Where you once saw someone you questioned had flaws, you see them drawn out in every ugly color and you’ll understand why I try so hard to be perfect.

The feelings that will follow these episodes are extreme guilt. I’ll want to say sorry. I’ll want to say it won’t happen again. But more than anything I want to say thank you.

Once you see that side of me, it almost helps you to understand the other half of me too.

I’m kind because there is a part of me that is mean to myself .

I’m bright and positive because I know what it’s like to sit in darkness.

I strive for success and perfection because of these flaws that are so obvious to me.

I’m friends with everyone because I know what it’s like to feel alone.

I stay busy because if I don’t my mind will take over and take me to dark places.

I’m compassionate and understanding because behind my own silence are the things I deal with alone.

I’m hopeful because I know what it feels like to flirt with the line of complete defeat and want to give up.


I feel so deeply. And I can’t explain that one. I still struggle to understand why couldn’t I just be normal like everyone else and happy all the time without lingering shadow haunting me.

But it’s that same shadow that made me the person I am.

I’ll return to that version of myself you fell for. You’ll watch me across the room, me laughing and smiling and joking. You’ll still admire how I can light up any room I walk into.

But what you know that others might not is how quickly that can change behind closed doors. How unpredictable it is. How I’ll never ask for help but in moments I fall to my knees you’re the one who’s going to have to be strong.

On the surface, I paint this version of the person I want to be. But as you get to know me you’ll see two very different sides to someone who looks the same.

There are two sides to every coin and while I’ll always be in favor of heads when it flips, I can’t deny there’s another half to me just because most people can’t see it.

That other part that’s watching and waiting and lingering.

But what I’ve come to learn about living with depression is the closest I can ever come to ridding myself of it are in the healthy relationships I find. The people who make me feel normal and healthy. And it’s those people I owe everything to.,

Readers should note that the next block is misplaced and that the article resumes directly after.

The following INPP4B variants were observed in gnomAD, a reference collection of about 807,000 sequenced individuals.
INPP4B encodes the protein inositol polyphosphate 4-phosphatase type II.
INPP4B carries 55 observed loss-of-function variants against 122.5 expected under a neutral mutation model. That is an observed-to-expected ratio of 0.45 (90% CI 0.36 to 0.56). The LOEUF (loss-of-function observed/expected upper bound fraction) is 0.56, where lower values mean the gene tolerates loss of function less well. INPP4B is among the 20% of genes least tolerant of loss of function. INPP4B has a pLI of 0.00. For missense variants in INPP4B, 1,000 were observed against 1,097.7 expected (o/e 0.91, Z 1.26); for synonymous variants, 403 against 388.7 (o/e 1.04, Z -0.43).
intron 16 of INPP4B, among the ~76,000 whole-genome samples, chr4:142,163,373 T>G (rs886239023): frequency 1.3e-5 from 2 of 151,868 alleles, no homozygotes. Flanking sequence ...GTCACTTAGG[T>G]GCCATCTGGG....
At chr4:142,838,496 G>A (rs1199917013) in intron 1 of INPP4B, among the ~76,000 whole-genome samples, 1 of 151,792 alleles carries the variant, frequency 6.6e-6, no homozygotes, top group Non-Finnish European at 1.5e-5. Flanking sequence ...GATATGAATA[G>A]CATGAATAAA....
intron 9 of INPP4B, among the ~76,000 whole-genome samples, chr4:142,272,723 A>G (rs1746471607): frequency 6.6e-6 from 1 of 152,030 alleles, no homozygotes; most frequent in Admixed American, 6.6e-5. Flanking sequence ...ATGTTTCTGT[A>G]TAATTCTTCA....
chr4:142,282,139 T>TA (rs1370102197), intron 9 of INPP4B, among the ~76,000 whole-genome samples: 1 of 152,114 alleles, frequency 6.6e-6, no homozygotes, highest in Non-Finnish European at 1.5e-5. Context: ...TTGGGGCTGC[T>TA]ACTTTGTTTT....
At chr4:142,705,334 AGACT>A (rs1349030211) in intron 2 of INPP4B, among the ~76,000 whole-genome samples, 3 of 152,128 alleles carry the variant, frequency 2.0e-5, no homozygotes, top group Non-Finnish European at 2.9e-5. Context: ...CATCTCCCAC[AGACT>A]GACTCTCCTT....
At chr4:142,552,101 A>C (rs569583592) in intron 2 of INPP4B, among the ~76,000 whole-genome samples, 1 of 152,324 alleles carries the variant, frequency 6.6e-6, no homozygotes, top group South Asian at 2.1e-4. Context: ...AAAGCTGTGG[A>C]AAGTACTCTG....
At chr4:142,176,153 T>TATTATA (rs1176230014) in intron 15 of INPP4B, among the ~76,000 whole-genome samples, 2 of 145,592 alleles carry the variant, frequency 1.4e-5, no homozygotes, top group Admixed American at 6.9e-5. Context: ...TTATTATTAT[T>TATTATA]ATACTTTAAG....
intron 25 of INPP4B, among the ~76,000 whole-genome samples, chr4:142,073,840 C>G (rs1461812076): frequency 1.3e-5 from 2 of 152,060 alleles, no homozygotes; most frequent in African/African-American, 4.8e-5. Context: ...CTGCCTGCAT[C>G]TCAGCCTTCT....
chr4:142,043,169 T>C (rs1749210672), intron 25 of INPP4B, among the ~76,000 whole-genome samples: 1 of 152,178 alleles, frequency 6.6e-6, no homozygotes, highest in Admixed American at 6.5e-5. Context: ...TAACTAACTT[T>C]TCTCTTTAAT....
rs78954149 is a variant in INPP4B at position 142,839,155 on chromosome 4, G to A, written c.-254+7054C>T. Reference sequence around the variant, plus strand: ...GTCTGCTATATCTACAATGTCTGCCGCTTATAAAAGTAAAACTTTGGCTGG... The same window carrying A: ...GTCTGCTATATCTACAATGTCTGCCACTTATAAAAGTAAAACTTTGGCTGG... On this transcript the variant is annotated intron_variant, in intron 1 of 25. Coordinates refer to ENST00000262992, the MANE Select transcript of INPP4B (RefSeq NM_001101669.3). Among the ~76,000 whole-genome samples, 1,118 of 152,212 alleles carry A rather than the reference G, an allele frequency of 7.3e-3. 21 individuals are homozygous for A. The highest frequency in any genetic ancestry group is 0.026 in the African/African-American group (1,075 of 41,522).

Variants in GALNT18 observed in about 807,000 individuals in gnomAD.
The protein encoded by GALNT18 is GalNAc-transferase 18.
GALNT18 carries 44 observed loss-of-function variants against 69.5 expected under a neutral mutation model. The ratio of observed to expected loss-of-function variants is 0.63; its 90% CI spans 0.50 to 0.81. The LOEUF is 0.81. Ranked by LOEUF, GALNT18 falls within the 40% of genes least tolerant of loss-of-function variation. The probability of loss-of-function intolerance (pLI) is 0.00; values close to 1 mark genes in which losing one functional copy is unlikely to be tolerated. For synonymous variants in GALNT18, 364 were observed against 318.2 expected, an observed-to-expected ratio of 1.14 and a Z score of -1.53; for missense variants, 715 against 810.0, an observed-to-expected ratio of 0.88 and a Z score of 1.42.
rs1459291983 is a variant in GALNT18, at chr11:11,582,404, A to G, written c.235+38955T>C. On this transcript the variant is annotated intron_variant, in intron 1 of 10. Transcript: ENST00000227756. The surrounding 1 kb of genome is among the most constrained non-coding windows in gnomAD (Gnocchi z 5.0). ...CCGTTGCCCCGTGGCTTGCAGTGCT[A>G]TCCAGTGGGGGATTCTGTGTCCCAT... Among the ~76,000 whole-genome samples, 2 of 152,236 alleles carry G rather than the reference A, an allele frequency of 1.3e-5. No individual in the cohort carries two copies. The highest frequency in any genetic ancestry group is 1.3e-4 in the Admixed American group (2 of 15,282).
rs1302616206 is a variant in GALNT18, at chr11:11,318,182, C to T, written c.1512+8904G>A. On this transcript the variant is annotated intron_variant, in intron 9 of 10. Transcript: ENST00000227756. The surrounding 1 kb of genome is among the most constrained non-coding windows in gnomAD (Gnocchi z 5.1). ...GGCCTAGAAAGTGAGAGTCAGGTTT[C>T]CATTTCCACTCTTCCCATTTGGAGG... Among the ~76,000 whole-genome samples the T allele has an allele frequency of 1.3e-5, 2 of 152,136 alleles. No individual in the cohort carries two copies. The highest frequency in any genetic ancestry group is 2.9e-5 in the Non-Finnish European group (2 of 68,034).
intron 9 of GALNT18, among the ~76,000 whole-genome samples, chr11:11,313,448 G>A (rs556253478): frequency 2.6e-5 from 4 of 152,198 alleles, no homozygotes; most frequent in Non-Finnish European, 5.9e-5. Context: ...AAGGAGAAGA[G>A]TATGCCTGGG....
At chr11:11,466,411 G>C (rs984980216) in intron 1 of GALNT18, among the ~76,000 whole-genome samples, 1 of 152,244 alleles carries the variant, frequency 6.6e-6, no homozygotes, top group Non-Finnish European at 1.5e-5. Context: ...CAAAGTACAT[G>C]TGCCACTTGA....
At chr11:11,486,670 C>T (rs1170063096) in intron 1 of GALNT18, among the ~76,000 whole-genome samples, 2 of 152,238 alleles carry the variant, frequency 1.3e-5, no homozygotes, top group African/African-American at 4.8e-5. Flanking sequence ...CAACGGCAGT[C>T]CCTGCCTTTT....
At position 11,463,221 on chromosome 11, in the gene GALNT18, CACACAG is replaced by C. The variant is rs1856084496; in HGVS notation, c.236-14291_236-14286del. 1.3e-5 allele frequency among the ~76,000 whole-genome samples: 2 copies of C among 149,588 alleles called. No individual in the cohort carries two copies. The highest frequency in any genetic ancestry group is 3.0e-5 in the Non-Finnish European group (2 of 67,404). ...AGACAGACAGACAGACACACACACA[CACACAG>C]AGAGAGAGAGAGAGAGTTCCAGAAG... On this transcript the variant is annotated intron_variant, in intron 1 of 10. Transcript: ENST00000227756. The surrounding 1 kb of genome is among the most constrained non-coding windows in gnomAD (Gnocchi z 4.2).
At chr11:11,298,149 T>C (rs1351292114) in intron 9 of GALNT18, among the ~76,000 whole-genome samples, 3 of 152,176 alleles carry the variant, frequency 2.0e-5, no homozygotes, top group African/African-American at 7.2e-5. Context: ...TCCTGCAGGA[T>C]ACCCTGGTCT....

So on the days I’m not myself and I’m a little difficult to love please don’t ever forget how much I do love you and appreciate you and value you.

And I wish I could be that perfect person you deserve but we all come bearing flaws mine just happen to be in a battle against myself. TC mark

Kirsten Corley

Kirsten is the author of But Before You Leave, a book of poetry about the experiences we struggle to put into words.

Trace the scars life has left you. It will remind you that at one point, you fought for something. You believed.

“You are the only person who gets to decide if you are happy or not—do not put your happiness into the hands of other people. Do not make it contingent on their acceptance of you or their feelings for you. At the end of the day, it doesn’t matter if someone dislikes you or if someone doesn’t want to be with you. All that matters is that you are happy with the person you are becoming. All that matters is that you like yourself, that you are proud of what you are putting out into the world. You are in charge of your joy, of your worth. You get to be your own validation. Please don’t ever forget that.” — Bianca Sparacino

Excerpted from The Strength In Our Scars by Bianca Sparacino.

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Kirsten is the author of But Before You Leave, a book of poetry about the experiences we struggle to put into words. Follow Kirsten on Instagram or read more articles from Kirsten on Thought Catalog.